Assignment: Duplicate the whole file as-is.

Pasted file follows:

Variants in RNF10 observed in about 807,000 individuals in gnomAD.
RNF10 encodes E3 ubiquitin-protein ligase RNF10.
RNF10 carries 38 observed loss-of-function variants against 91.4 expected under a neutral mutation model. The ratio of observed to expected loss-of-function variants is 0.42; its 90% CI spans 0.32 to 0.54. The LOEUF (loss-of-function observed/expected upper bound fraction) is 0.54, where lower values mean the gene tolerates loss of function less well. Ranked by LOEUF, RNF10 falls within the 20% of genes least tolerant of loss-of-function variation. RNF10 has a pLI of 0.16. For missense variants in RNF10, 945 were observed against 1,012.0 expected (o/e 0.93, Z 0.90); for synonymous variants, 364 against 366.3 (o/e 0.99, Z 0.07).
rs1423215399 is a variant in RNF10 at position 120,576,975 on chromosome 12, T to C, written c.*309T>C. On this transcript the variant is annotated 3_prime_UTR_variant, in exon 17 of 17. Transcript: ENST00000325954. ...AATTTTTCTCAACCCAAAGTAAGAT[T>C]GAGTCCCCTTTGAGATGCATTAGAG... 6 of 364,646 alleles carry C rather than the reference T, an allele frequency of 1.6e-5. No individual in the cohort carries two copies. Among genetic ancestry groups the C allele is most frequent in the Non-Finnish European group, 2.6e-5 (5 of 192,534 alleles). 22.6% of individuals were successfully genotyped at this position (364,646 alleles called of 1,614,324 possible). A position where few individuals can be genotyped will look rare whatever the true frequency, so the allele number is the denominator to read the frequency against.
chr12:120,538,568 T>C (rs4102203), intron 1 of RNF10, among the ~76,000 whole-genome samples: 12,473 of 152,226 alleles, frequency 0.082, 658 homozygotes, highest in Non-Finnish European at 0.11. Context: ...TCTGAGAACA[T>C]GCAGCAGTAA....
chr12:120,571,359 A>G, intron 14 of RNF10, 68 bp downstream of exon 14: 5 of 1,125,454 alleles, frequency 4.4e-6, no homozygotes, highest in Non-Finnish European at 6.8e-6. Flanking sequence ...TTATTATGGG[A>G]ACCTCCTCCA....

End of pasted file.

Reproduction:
Variants in RNF10 observed in about 807,000 individuals in gnomAD.
RNF10 encodes E3 ubiquitin-protein ligase RNF10.
RNF10 carries 38 observed loss-of-function variants against 91.4 expected under a neutral mutation model. The ratio of observed to expected loss-of-function variants is 0.42; its 90% CI spans 0.32 to 0.54. The LOEUF (loss-of-function observed/expected upper bound fraction) is 0.54, where lower values mean the gene tolerates loss of function less well. Ranked by LOEUF, RNF10 falls within the 20% of genes least tolerant of loss-of-function variation. RNF10 has a pLI of 0.16. For missense variants in RNF10, 945 were observed against 1,012.0 expected (o/e 0.93, Z 0.90); for synonymous variants, 364 against 366.3 (o/e 0.99, Z 0.07).
rs1423215399 is a variant in RNF10 at position 120,576,975 on chromosome 12, T to C, written c.*309T>C. On this transcript the variant is annotated 3_prime_UTR_variant, in exon 17 of 17. Transcript: ENST00000325954. ...AATTTTTCTCAACCCAAAGTAAGAT[T>C]GAGTCCCCTTTGAGATGCATTAGAG... 6 of 364,646 alleles carry C rather than the reference T, an allele frequency of 1.6e-5. No individual in the cohort carries two copies. Among genetic ancestry groups the C allele is most frequent in the Non-Finnish European group, 2.6e-5 (5 of 192,534 alleles). 22.6% of individuals were successfully genotyped at this position (364,646 alleles called of 1,614,324 possible). A position where few individuals can be genotyped will look rare whatever the true frequency, so the allele number is the denominator to read the frequency against.
chr12:120,538,568 T>C (rs4102203), intron 1 of RNF10, among the ~76,000 whole-genome samples: 12,473 of 152,226 alleles, frequency 0.082, 658 homozygotes, highest in Non-Finnish European at 0.11. Context: ...TCTGAGAACA[T>C]GCAGCAGTAA....
chr12:120,571,359 A>G, intron 14 of RNF10, 68 bp downstream of exon 14: 5 of 1,125,454 alleles, frequency 4.4e-6, no homozygotes, highest in Non-Finnish European at 6.8e-6. Flanking sequence ...TTATTATGGG[A>G]ACCTCCTCCA....